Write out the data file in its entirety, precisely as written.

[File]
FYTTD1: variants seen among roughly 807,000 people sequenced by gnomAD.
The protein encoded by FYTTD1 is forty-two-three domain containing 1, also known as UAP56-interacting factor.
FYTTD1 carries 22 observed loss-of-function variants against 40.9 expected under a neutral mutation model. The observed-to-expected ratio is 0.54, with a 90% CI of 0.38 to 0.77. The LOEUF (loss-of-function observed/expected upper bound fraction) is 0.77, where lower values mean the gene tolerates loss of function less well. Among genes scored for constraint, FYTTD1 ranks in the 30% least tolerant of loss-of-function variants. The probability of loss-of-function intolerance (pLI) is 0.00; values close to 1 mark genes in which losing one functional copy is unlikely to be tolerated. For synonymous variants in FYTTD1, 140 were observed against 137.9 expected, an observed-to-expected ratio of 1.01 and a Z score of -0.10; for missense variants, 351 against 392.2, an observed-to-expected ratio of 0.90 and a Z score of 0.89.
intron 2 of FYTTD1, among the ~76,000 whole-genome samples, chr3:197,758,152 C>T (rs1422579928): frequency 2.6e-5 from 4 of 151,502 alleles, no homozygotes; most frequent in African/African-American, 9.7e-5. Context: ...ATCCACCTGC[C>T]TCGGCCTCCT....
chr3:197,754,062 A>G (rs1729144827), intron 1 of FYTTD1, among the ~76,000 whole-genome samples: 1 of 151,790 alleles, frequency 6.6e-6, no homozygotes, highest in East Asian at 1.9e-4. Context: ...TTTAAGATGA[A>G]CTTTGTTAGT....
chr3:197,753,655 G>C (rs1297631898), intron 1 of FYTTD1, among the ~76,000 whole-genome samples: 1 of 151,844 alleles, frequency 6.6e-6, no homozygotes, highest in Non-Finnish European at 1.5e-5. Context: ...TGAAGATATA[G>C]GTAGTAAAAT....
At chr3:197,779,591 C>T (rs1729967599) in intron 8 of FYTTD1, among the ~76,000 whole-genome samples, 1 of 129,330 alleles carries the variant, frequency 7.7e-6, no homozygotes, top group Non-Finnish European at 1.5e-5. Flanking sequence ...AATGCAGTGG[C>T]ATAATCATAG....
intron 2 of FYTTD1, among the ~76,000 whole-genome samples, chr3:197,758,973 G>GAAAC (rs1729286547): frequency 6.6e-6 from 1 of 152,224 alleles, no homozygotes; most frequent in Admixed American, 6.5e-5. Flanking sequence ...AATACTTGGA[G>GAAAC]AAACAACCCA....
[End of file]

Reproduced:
FYTTD1: variants seen among roughly 807,000 people sequenced by gnomAD.
The protein encoded by FYTTD1 is forty-two-three domain containing 1, also known as UAP56-interacting factor.
FYTTD1 carries 22 observed loss-of-function variants against 40.9 expected under a neutral mutation model. The observed-to-expected ratio is 0.54, with a 90% CI of 0.38 to 0.77. The LOEUF (loss-of-function observed/expected upper bound fraction) is 0.77, where lower values mean the gene tolerates loss of function less well. Among genes scored for constraint, FYTTD1 ranks in the 30% least tolerant of loss-of-function variants. The probability of loss-of-function intolerance (pLI) is 0.00; values close to 1 mark genes in which losing one functional copy is unlikely to be tolerated. For synonymous variants in FYTTD1, 140 were observed against 137.9 expected, an observed-to-expected ratio of 1.01 and a Z score of -0.10; for missense variants, 351 against 392.2, an observed-to-expected ratio of 0.90 and a Z score of 0.89.
intron 2 of FYTTD1, among the ~76,000 whole-genome samples, chr3:197,758,152 C>T (rs1422579928): frequency 2.6e-5 from 4 of 151,502 alleles, no homozygotes; most frequent in African/African-American, 9.7e-5. Context: ...ATCCACCTGC[C>T]TCGGCCTCCT....
chr3:197,754,062 A>G (rs1729144827), intron 1 of FYTTD1, among the ~76,000 whole-genome samples: 1 of 151,790 alleles, frequency 6.6e-6, no homozygotes, highest in East Asian at 1.9e-4. Context: ...TTTAAGATGA[A>G]CTTTGTTAGT....
chr3:197,753,655 G>C (rs1297631898), intron 1 of FYTTD1, among the ~76,000 whole-genome samples: 1 of 151,844 alleles, frequency 6.6e-6, no homozygotes, highest in Non-Finnish European at 1.5e-5. Context: ...TGAAGATATA[G>C]GTAGTAAAAT....
At chr3:197,779,591 C>T (rs1729967599) in intron 8 of FYTTD1, among the ~76,000 whole-genome samples, 1 of 129,330 alleles carries the variant, frequency 7.7e-6, no homozygotes, top group Non-Finnish European at 1.5e-5. Flanking sequence ...AATGCAGTGG[C>T]ATAATCATAG....
intron 2 of FYTTD1, among the ~76,000 whole-genome samples, chr3:197,758,973 G>GAAAC (rs1729286547): frequency 6.6e-6 from 1 of 152,224 alleles, no homozygotes; most frequent in Admixed American, 6.5e-5. Flanking sequence ...AATACTTGGA[G>GAAAC]AAACAACCCA....